Leader Plan from “Hero of Hispaniola”

  • Share
  • CevherShare
  • Share

I used class today to present leadership values I pulled from “Hero of Hispaniola” by Chris Teal through quotes. Teal’s masterful description of the diplomat provided insight into how he lead, an example many could benefit from. I’ll use this blog to elaborate on some of Ebenezer Bassett’s admirable traits.


The first thing Bassett does in Teal’s account is ride his horse through 1,000 hostile soldiers, just so that he could go to work. In the face of danger, under incredible pressure and with no support, Bassett stood firm and went about his day, probably concerned but outwardly unaffected.

From our leaders, we want that composure. From our representatives, we want that demeanor. And in our own stressful situations, we want the ability to stay calm and think critically.



Bassett’s correspondence took time to reach an often unresponsive Secretary of State Hamilton Fish. While Bassett understood the situation in Haiti better than anyone at any given time, he also felt bound by professional and diplomatic restrictions.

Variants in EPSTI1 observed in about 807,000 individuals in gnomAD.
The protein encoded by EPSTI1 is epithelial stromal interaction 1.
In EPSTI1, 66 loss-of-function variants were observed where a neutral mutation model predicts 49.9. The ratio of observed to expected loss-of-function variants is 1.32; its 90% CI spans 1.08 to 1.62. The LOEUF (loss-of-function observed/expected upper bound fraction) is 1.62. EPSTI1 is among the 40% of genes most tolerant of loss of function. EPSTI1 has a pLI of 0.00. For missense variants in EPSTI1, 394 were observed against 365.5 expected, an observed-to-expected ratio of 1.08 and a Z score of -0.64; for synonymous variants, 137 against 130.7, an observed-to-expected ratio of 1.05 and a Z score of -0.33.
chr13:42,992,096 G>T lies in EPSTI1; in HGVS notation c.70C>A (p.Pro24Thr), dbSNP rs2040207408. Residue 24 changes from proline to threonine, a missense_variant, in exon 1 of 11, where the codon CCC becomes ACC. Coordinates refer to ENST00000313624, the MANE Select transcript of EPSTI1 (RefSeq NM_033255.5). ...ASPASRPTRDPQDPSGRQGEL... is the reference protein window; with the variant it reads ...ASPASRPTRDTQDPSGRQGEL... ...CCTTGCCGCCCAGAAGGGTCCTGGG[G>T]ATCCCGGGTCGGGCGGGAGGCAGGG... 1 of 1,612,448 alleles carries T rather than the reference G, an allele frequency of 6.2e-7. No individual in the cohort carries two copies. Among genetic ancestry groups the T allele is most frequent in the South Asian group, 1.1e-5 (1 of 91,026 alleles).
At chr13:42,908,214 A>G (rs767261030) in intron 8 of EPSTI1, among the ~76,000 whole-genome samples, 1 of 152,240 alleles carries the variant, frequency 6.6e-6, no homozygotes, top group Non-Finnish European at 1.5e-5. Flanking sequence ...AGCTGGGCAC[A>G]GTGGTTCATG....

His patiences in times of civil war (not an easy time to be patient) allowed him to navigate between humanitarian and representative. He appeased Fish when he could, but often found himself in the right by the time a situation resolved.



Bassett’s patience should not be mistaken for immobility. In times of urgency, he’d write repeated letters requesting a naval vessel, conveying urgency but never breaking from form. Anytime a United States citizen was mistreated, Bassett personally visited various government officials, insisting that wrongs be rectified. He persisted in this manor even when he knew his job would end at the end of President Grant’s term.

Initiative and composure, professionalism and persistence. These are hard balances to strike.

In summary

Bassett faced prejudiced, prideful leaders, physical illness, political turmoil all while learning as he went, no prior diplomatic experience to draw on. He relied on his education and his morals, holding onto not just the responsibility of his post, but the responsibility he had as the first black diplomat. The trivia presents an impressive man. His personal traits and how they impacted his choices, however, create an admirable legacy.